Ohio is celebrating its 212th birthday with special events at the Ohio Statehouse in Columbus.
For the fourth installment of our look back at state government in 2012, Ohio Public Radioâ€™s Bill Cohen takes a look at how presidential candidates criss-crossed the state in search of votes.
Ohio’s 18 electors gathered at the Statehouse Monday to cast their official votes for president and vice president.
President Obama hosts an afternoon rally inside Nationwide Arena alongside musicians Jay-Z and Bruce Springsteen, while Mitt Romney has an evening rally at a business near Port Columbus.
President Barack Obama covered a lot of political ground at a rally in Hilliard. And just days before the election, the president was able to energize a crowd of 2,800 people by telling them why they can trust him for four more years.
First it was Jeep/Chrysler saying a Mitt Romney ad airing in Ohio was misleading. Now General Motors is criticizing an ad they say misleads voters into thinking GM is moving jobs overseas.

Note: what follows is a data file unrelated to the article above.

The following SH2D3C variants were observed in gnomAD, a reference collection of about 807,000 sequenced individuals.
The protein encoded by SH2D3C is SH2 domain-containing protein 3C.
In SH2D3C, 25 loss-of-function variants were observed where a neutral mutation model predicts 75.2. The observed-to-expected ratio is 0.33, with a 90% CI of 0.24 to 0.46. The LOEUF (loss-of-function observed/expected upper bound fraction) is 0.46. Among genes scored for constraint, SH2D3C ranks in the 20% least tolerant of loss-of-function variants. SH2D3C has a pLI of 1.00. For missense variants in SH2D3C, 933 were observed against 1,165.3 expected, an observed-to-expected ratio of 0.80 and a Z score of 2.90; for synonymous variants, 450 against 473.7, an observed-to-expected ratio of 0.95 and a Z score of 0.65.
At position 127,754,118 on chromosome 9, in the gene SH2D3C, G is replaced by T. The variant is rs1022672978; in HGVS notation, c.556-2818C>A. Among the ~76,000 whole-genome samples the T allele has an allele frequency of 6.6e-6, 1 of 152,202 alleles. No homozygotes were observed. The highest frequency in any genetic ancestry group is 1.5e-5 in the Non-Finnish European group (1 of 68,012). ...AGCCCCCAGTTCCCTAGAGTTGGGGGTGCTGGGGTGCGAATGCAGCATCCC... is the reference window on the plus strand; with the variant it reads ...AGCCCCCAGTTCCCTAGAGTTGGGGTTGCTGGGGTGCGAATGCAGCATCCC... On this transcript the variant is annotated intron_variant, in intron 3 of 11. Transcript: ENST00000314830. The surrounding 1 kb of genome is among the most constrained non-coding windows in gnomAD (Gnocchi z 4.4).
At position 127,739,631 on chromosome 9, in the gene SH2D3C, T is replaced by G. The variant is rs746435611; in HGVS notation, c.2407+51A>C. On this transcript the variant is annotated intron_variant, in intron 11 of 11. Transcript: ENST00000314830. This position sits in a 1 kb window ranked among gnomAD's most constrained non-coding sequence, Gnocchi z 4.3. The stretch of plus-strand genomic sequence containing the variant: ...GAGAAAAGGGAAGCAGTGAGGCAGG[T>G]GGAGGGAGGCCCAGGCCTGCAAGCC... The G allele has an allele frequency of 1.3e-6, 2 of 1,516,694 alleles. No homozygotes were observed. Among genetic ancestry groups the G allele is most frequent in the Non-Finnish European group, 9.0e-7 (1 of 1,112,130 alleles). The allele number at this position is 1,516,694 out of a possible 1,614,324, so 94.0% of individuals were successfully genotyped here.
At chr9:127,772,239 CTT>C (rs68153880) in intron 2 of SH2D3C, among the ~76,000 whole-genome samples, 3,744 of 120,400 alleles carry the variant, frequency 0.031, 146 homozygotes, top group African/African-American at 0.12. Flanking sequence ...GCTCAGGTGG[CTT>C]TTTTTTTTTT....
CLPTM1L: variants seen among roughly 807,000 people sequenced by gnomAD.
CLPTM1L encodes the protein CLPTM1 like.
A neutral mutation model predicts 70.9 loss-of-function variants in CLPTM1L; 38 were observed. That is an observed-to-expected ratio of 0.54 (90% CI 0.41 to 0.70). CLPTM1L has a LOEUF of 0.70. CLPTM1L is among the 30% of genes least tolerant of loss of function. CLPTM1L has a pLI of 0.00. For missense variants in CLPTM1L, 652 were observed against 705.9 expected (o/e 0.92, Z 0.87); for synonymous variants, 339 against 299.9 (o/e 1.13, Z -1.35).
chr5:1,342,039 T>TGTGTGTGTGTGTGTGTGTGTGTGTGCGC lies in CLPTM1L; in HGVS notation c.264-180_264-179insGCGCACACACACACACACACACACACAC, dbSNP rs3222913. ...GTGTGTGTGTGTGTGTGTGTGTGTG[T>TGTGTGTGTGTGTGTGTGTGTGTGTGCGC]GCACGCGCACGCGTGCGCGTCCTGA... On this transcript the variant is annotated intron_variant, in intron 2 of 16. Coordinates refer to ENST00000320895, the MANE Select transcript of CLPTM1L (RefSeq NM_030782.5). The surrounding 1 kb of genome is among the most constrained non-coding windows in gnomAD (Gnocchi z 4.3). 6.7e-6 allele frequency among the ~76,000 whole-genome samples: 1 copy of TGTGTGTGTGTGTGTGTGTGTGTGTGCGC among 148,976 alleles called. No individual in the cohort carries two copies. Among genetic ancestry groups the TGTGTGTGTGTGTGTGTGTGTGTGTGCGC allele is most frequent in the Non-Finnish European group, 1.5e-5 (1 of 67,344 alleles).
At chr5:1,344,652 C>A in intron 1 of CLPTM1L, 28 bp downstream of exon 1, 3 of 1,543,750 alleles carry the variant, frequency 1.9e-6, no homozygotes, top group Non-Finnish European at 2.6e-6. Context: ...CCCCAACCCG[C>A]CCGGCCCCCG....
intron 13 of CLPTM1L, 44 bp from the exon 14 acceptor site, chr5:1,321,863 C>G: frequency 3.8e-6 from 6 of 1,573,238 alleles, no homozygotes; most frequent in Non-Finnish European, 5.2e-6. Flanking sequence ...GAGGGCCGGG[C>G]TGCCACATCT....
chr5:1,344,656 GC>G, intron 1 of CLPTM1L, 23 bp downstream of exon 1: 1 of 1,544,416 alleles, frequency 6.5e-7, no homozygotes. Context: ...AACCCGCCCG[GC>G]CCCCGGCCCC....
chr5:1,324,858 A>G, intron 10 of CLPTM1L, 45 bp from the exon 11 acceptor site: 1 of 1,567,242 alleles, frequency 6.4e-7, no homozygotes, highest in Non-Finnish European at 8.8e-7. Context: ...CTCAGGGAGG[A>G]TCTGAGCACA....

President Barack Obama is resuming his storm-delayed chase to win Ohio with help from former President Bill Clinton, while Republicans are putting together a huge rally for Friday evening.
The Republican presidential candidate’s campaign is defending the comment about Jeep moving production to China, despite the Chrysler CEO restating that Jeep has no plans to move Toledo auto jobs overseas.
The latest independent poll in the presidential race in Ohio says President Obama continues to hold on to a five point lead over Republican challenger Mitt Romney.
Republican presidential candidate Mitt Romney is going ahead with a planned stop in the Dayton area, but the focus will be on helping victims of storms that swept through Ohio late Monday and early Tuesday.
Ohio has seen what seems like a never-ending stream of campaign visits. Just last week, President Obama and Vice President Joe Biden were together in Dayton, Mitt Romney and his running mate Paul Ryan rallied in North Canton, and all four candidates stumped separately throughout the state. Communities say the costs of protecting those candidates are adding up.